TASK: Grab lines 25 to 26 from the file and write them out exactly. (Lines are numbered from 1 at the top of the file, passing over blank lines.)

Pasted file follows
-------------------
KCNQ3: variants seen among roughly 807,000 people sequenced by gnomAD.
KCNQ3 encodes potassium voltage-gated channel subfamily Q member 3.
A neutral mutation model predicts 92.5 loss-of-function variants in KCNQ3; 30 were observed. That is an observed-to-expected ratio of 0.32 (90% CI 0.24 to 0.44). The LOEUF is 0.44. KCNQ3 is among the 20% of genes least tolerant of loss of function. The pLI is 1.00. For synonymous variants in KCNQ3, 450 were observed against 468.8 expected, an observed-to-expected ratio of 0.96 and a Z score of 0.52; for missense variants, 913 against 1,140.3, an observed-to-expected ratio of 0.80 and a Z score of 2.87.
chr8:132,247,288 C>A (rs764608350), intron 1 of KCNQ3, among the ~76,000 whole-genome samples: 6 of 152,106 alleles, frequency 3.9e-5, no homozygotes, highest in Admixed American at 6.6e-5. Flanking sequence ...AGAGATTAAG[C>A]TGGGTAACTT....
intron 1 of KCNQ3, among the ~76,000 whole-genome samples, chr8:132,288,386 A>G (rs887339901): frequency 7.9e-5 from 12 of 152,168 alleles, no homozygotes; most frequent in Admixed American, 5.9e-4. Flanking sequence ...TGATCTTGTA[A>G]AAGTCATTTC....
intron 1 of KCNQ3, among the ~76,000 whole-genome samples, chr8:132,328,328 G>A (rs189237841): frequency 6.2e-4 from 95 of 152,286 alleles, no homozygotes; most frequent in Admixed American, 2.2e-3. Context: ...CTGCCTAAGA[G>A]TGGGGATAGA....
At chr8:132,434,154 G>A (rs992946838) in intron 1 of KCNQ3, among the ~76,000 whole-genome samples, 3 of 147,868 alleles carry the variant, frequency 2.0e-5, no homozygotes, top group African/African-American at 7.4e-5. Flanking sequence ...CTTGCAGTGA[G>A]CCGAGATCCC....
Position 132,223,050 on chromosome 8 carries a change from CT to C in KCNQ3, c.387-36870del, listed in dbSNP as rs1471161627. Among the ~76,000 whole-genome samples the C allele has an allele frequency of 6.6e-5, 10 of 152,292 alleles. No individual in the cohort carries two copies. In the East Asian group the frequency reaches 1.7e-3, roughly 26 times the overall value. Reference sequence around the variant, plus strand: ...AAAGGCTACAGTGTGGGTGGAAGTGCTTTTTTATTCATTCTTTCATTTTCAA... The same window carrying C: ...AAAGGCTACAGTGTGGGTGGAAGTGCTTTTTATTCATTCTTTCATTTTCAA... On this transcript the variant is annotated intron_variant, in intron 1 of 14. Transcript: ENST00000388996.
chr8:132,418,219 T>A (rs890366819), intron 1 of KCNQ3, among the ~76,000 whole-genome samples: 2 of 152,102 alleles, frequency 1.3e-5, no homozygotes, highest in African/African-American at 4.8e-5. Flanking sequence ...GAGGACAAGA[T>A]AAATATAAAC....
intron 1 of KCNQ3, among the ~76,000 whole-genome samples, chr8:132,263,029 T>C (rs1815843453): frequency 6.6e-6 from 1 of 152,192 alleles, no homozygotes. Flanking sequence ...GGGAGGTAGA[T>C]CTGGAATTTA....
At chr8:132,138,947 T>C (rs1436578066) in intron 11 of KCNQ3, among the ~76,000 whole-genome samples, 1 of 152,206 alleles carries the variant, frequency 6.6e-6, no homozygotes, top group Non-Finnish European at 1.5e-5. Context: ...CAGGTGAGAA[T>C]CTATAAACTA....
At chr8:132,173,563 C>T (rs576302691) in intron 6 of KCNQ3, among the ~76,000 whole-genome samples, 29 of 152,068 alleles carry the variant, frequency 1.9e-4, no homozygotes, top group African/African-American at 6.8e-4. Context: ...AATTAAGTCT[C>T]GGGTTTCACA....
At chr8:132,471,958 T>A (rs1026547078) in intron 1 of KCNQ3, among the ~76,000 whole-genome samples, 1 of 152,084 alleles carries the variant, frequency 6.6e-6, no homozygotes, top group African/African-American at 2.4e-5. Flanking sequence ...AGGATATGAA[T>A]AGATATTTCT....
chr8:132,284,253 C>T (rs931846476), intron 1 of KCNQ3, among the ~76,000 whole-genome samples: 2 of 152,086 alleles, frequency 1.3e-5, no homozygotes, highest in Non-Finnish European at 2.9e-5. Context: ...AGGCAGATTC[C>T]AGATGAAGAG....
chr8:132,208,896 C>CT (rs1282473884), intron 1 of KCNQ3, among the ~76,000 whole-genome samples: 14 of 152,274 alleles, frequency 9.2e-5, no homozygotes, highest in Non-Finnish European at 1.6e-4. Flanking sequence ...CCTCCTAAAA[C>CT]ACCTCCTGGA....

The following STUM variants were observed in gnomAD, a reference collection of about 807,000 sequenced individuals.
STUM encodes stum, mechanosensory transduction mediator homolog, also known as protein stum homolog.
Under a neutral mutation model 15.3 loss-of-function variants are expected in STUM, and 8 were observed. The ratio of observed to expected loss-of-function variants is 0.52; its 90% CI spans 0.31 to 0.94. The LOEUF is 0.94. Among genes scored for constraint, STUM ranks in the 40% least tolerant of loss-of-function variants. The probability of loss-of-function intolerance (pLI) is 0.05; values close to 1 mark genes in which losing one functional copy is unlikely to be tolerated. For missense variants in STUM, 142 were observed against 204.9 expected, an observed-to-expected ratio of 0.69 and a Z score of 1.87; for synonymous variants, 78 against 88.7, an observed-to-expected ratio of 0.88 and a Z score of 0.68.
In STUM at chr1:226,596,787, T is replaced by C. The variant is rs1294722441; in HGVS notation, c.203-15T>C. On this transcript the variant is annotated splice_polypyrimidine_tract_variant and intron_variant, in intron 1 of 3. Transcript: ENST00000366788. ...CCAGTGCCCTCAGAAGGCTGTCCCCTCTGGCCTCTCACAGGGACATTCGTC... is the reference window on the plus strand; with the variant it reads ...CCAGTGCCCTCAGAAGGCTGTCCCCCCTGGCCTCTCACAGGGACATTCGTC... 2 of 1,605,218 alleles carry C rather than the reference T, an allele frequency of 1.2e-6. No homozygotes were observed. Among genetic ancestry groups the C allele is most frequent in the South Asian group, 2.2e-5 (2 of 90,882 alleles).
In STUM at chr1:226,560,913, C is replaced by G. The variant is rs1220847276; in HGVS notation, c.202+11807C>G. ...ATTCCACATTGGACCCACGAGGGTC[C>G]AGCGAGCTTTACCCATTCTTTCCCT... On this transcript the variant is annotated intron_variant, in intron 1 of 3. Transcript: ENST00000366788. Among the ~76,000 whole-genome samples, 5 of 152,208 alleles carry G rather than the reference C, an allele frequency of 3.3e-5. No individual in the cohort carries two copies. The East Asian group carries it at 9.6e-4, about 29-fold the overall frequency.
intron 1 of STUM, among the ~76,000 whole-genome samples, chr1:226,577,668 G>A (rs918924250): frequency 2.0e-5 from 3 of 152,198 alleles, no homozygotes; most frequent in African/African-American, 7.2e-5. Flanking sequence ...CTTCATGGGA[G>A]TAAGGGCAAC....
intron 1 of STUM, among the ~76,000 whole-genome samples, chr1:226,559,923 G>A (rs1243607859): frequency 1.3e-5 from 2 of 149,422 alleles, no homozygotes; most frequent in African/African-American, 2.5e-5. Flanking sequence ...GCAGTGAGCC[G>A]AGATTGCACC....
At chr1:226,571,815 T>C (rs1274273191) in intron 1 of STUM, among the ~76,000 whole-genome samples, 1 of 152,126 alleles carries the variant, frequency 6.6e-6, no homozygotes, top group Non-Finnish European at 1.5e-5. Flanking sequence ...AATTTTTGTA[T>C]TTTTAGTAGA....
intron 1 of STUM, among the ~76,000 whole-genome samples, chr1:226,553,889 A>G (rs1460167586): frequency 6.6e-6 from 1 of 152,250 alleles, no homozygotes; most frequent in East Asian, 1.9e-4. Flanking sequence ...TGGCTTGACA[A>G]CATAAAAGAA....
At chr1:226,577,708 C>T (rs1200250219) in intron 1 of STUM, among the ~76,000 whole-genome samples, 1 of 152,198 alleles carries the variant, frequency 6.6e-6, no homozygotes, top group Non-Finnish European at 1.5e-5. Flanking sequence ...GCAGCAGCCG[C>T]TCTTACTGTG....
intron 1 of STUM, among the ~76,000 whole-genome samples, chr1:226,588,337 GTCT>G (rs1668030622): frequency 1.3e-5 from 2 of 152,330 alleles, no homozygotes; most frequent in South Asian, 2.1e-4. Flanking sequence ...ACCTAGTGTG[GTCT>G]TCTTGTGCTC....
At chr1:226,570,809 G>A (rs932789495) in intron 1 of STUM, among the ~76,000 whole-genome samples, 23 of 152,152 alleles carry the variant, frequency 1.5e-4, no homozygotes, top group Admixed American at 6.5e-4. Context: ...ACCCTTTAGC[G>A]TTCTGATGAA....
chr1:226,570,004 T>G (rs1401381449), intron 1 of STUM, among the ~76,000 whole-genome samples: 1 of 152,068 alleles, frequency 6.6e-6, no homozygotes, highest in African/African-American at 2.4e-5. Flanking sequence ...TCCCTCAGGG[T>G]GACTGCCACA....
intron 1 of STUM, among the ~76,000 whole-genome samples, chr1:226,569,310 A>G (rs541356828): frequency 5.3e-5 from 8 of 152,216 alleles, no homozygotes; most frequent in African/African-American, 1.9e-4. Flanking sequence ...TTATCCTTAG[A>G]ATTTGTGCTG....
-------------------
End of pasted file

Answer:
At chr1:226,577,708 C>T (rs1200250219) in intron 1 of STUM, among the ~76,000 whole-genome samples, 1 of 152,198 alleles carries the variant, frequency 6.6e-6, no homozygotes, top group Non-Finnish European at 1.5e-5. Flanking sequence ...GCAGCAGCCG[C>T]TCTTACTGTG....
intron 1 of STUM, among the ~76,000 whole-genome samples, chr1:226,588,337 GTCT>G (rs1668030622): frequency 1.3e-5 from 2 of 152,330 alleles, no homozygotes; most frequent in South Asian, 2.1e-4. Flanking sequence ...ACCTAGTGTG[GTCT>G]TCTTGTGCTC....